Teachers who have been in the classroom for more than fifteen years might find themselves disconnected from the lives and experiences of their students. Mrs. Scioli, Social Studies teacher at LRHS, noticed and decided to bridge this gap.
Because of her current student teacher, Scioli was free to spend a day in the shoes of a student without leaving her classes unattended. “I wanted to follow a real student’s schedule,” Scioli explained. “But it made sense to follow my strengths in humanities, and not the fine arts and math.”
Her schedule consisted of Biology with Mrs. Dobbin, English 12 with Mrs. Dinkenor, Art II with Mr. Espinal and Spanish II with Senor Ross.
For most classroom instructors, teaching methods are gained by observing other teachers’ interactions with students. Since Scioli’s days as a student, class procedures and techniques have changed drastically. “When I graduated high school, we had six periods a day. There were very few handouts and class time was very teacher-centered. Because the school day is so different, I want to learn what education is like for today’s student so that I can better connect to my audience,” said Scioli.
The experiment took place on Monday, April 16. But even before the late bell rang that morning, Scioli was already feeling the stress of a student. “I picked up my homework ahead of time so that I wouldn’t be as lost in class on Monday,” said Scioli. “But I left my assignments at school over the weekend. By Sunday night, I was very stressed.”
Scioli arrived on campus early Monday morning in an attempt to catch up before classes began.
Teens and adults sense danger in very different situations. For students, most situation perceived as “dangerous” are those involving peer judgment. Even as a student for one day, Scioli felt these same pressures. “I found myself worrying about and remembering the fear of peer judgment,” said Scioli. “I asked myself, ‘What will I wear? Is my backpack okay?’”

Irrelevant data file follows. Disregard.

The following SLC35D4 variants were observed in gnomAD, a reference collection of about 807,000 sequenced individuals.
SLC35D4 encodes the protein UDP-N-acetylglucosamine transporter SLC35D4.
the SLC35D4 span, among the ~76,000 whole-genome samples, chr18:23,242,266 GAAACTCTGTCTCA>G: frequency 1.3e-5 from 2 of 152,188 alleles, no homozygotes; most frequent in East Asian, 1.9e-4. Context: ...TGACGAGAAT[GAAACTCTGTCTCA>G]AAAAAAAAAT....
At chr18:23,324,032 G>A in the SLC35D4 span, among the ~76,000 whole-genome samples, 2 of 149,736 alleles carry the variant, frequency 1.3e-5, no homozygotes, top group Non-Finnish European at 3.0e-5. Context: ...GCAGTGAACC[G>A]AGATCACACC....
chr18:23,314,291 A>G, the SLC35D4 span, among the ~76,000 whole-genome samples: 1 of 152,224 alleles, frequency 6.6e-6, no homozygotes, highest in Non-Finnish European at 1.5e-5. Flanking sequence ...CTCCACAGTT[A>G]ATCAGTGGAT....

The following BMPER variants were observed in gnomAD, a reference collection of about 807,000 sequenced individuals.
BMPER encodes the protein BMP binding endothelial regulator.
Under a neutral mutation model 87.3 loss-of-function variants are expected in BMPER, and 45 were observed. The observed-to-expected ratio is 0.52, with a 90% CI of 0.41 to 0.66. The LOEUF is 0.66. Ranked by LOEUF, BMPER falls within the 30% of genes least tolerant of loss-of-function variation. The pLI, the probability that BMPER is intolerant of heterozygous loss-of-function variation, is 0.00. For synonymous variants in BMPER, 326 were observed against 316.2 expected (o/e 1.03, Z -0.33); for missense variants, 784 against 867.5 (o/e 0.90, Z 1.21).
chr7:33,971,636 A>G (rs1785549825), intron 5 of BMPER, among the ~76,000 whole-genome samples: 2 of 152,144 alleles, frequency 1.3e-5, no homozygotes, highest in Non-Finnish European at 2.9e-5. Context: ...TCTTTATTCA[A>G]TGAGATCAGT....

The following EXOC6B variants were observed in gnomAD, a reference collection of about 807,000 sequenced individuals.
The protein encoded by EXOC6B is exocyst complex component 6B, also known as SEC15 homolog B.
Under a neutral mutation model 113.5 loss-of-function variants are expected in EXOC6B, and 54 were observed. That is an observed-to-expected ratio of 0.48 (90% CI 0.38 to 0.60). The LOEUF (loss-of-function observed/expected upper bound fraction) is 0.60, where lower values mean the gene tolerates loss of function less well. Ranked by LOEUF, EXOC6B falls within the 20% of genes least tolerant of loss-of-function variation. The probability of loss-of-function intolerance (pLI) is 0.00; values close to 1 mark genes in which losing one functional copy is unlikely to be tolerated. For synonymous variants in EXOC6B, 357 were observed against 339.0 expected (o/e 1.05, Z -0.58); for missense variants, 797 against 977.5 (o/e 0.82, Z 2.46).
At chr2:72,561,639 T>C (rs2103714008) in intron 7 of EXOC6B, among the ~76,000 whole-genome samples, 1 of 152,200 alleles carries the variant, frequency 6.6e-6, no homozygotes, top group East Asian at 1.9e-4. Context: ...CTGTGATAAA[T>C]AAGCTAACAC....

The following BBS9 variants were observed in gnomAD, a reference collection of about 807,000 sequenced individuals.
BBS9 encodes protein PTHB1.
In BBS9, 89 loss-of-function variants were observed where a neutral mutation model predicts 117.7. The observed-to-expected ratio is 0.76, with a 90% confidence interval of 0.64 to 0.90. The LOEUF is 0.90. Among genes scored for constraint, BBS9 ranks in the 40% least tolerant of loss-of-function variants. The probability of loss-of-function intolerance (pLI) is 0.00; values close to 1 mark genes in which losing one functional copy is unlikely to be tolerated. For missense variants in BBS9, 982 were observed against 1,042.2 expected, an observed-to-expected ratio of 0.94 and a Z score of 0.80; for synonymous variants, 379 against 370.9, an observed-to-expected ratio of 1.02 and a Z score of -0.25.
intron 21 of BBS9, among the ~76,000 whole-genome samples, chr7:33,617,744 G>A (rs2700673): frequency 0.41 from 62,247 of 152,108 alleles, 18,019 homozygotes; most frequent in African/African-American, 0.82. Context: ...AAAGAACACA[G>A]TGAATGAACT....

Tuesday morning, Scioli reflected on what she had learned from her day as a student. “The big difference [between teachers and their students] is control. When you’re the teacher, you don’t have stress on Sunday night because you know what is going to happen in class the next day. As a student, it feels like you’re in a car going 100 miles per hour and you don’t know where it’s headed,” said Scioli.
After becoming acclimated to the technologies available to education, Scioli found her handwriting skills a bit worse for the wear. “I basically only use email and computers to do my job now,” said Scioli.
Adding to the technology boom, Scioli was surprised by the resources and support available to students. “[Students] have access to wikis, powerpoints, websites for genetic analysis… everything!”
Not only was Scioli surprised by support offered by teachers, she did not expect for students to be accommodating to an outsider – namely, Scioli. “I was welcomed into groups, invited to lunch, even invited to Prom!” said Scioli.
After one day in the shoes of a student, Scioli had reaffirmed her ideas about teaching for today’s student. From Mrs. Dobbin, she learned an effective way to control students who make inappropriate comments without causing that student embarrassment. “The key is to raise them to a higher level by saying something like, ‘You know better.’ The student realizes that they do and usually settles down.”
Mrs. Dinkenor, Scioli’s senior English teacher for the day, managed to keep a room full of seniors focused in class (despite both the time of the year and day of the week) by initiating discussion and group activities. Senor Ross employed the tactics of a fast paced class, giving students no choice but to stay on top of their work and pay attention to the lesson at hand. “I learned a lot of Spanish in just ninety minutes,” said Scioli. “I was surprised at how much came rushing back to me.”
The purpose of Scioli’s “day as a student” experiment was to assure that students were being educated in the best ways possible. Not only did her concerns disappear, but she was able to see first hand that teachers were doing their jobs – and performing them well. “The kids are alright,” Scioli said with a smile.